Filtering community anger: A look inside controversial Lincoln Park scrap recycler General Iron

CHICAGO (WLS) -- Two days before a planned citizen rally against the century-old metal recycling plant General Iron, the I-Team has been given unprecedented access to its Lincoln Park scrap yard.

We inspected a mammoth filtration system called a "regenerative thermal oxidizer," or RTO, that will soon be in operation at the site. General Iron was required to install it after being slapped with a violation from the Environmental Protection Agency a year ago.

Despite that remedial effort, and plans by the company to close its 110-year old Clybourn Corridor facility and move recycling operations to the South Side by the end of next year, there is still widespread concern and anger from nearby residents about air pollution, noise, health, neighborhood residue and traffic.

The massive filtration system shown to the I-Team cost General Iron $2 million and resulted from an EPA violation last year.

"I can't say we don't create noise and we don't create dust" company owner Adam Labkon told the I-Team in November. "But we have certainly spent all of the resources to be the best we can be and certainly the best in Chicago."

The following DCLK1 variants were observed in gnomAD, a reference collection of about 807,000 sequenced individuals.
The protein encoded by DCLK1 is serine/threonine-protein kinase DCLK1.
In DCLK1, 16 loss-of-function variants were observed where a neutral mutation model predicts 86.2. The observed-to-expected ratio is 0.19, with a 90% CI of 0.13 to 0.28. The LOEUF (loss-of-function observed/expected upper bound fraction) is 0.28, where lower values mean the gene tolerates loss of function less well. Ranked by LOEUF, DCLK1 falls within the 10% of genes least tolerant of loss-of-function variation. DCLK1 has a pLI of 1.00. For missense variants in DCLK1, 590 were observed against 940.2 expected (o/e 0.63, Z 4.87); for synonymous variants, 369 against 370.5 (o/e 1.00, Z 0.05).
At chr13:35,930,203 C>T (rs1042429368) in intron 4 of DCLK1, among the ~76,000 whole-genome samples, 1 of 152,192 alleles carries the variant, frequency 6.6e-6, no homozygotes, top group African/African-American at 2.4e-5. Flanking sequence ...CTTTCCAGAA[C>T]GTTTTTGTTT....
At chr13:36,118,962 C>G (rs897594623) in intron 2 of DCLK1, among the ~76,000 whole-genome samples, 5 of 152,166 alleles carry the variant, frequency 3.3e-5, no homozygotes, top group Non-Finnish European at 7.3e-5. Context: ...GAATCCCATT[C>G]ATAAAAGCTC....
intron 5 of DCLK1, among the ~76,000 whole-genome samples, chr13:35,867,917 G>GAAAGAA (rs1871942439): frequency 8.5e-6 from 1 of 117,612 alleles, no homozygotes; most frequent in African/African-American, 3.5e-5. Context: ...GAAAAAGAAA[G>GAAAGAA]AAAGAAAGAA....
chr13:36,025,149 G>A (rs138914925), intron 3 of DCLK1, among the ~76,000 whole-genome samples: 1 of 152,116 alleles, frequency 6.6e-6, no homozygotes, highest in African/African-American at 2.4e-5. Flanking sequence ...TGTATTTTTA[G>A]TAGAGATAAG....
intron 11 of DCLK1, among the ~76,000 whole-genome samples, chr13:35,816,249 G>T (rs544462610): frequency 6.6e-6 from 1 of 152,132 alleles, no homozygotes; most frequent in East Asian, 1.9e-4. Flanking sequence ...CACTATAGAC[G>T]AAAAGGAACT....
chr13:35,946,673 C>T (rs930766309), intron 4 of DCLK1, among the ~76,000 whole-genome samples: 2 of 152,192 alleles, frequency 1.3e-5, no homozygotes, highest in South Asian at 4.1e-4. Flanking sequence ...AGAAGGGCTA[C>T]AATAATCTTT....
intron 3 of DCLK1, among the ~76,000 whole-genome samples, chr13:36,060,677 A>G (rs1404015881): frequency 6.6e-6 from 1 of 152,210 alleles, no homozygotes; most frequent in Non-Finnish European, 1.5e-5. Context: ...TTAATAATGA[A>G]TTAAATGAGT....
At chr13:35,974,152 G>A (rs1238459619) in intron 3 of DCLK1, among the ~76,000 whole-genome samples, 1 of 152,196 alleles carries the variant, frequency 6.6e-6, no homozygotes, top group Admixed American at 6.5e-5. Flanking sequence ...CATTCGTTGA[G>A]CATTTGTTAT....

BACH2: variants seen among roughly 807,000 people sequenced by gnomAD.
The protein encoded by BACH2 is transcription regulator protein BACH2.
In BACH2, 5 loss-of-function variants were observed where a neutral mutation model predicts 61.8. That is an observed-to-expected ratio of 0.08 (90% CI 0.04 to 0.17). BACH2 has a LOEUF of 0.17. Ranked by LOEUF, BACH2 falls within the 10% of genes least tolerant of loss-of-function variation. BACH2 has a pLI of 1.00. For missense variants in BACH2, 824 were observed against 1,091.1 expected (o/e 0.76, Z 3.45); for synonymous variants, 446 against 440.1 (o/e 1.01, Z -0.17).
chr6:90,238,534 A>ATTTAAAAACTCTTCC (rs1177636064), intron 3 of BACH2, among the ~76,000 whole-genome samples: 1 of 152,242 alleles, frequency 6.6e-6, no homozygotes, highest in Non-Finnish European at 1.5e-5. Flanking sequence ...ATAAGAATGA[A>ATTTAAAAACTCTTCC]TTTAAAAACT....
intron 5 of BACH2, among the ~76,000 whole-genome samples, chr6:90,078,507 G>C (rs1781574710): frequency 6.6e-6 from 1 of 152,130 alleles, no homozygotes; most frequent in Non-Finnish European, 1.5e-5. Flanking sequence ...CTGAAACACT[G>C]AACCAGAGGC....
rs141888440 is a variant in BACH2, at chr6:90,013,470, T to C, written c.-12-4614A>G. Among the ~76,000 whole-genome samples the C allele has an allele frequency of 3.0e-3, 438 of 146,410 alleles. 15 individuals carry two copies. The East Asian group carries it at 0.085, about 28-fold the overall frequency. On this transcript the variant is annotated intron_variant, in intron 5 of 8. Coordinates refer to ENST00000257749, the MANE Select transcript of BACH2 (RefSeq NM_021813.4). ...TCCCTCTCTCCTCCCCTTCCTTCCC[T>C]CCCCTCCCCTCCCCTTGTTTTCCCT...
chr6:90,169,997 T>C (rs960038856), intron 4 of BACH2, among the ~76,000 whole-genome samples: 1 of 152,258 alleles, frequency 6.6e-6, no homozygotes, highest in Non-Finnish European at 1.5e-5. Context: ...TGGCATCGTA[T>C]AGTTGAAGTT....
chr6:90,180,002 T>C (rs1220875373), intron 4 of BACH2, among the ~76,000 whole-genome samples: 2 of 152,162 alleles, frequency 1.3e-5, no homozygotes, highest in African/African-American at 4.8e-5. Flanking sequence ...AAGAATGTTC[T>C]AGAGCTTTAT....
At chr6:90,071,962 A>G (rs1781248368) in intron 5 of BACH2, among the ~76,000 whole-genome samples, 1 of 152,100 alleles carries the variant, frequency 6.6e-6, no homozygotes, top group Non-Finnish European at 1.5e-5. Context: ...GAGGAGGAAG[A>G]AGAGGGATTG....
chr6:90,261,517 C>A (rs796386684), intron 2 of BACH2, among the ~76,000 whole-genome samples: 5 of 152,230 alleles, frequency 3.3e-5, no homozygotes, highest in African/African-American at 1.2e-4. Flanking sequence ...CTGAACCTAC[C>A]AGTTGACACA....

Labkon, whose family has owned and operated the company for more than a century, said they have been taking steps to come into compliance with the EPA after being cited for emitting excessive amounts of volatile organic compounds, known as VOCs, into the air.

The RTO filter installed the past month makes General Iron the first and only metal shredding facility in Chicago to use the technology.

Think of it as a massive oven. Filtered air from the metal shredder will be directed to the RTO, which is designed to destroy more than 98% of that pollution. Exhaust will then go through a wet scrubber to neutralize any gases and filter out particulates.

Since receiving the citation last July, the EPA and General Iron have been working together on a remediation agreement. The company may still face a fine.

Neighbors continue to file complaints through the city's 311 system.

The property is for sale and owners say they are still on track to move the operation to the Southeast Side by the end of next year. Renderings obtained by the I-Team show what the new state-of-the-art facility will look like. The project price tag tops $65 million and the newly installed RTO filter will be moved there from Lincoln Park.

This Sunday, residents around the facility have invited community officials to a rally at Adam's Park to share their complaints about the company.
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